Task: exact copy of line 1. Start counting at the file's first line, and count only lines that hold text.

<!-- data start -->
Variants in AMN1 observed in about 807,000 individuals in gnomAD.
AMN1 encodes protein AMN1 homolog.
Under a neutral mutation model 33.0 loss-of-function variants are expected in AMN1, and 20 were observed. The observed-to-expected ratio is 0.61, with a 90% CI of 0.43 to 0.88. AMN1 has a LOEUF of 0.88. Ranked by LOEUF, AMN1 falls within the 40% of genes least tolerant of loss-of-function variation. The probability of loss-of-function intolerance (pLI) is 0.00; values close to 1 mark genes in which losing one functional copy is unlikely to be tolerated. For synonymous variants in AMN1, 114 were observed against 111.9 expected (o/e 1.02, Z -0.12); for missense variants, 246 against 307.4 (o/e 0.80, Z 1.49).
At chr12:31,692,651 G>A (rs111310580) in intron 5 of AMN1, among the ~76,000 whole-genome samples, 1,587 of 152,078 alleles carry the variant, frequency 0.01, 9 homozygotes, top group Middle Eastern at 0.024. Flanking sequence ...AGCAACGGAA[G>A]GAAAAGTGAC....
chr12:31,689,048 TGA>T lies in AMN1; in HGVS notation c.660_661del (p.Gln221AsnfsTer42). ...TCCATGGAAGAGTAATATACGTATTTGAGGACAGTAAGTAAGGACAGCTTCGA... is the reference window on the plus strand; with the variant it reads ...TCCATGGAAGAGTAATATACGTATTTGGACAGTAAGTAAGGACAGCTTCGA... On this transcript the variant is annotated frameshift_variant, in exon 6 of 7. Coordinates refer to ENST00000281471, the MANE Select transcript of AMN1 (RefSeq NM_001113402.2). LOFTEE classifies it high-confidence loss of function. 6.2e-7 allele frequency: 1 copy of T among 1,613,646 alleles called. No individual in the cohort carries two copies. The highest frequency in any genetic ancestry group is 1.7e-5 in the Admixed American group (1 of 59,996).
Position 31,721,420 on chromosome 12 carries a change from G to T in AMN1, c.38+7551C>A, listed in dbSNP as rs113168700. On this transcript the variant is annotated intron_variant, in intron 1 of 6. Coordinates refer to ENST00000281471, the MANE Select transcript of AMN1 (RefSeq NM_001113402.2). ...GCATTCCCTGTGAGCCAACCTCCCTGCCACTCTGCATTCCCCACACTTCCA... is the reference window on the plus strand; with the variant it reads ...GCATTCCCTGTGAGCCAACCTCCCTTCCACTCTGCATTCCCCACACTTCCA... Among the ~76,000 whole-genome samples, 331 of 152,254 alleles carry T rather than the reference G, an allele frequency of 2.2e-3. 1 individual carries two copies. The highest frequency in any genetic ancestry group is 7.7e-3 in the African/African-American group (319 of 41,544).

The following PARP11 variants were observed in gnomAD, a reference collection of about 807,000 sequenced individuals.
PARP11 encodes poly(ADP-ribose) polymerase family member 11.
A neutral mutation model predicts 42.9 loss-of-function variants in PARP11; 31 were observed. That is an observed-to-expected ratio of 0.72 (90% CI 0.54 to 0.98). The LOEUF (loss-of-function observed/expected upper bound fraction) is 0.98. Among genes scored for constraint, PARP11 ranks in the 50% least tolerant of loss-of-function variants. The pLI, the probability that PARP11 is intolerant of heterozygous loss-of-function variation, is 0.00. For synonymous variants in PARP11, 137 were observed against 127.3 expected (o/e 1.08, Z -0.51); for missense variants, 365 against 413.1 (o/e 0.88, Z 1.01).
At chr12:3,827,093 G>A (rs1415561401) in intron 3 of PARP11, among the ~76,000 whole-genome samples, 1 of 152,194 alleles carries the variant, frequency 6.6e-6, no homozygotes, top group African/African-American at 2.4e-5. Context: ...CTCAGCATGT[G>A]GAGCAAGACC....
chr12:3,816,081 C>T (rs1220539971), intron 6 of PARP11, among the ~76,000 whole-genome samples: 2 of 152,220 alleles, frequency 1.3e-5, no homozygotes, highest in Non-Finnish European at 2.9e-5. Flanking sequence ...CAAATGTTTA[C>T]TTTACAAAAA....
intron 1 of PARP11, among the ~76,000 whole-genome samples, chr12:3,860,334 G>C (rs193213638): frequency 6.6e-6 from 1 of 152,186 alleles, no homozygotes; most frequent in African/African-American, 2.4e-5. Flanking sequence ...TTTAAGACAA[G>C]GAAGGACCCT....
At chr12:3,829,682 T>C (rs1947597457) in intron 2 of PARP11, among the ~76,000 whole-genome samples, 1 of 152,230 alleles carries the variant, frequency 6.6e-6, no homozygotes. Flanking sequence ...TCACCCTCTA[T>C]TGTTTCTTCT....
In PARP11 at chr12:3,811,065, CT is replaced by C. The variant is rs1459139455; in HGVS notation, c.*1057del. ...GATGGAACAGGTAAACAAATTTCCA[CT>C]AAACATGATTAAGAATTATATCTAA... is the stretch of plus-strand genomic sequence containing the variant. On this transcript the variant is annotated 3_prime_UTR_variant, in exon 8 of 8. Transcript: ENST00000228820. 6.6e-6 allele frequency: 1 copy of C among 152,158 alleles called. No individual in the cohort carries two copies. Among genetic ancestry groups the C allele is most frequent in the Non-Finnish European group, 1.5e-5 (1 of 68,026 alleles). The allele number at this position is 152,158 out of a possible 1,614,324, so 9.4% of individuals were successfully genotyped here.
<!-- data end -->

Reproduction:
Variants in AMN1 observed in about 807,000 individuals in gnomAD.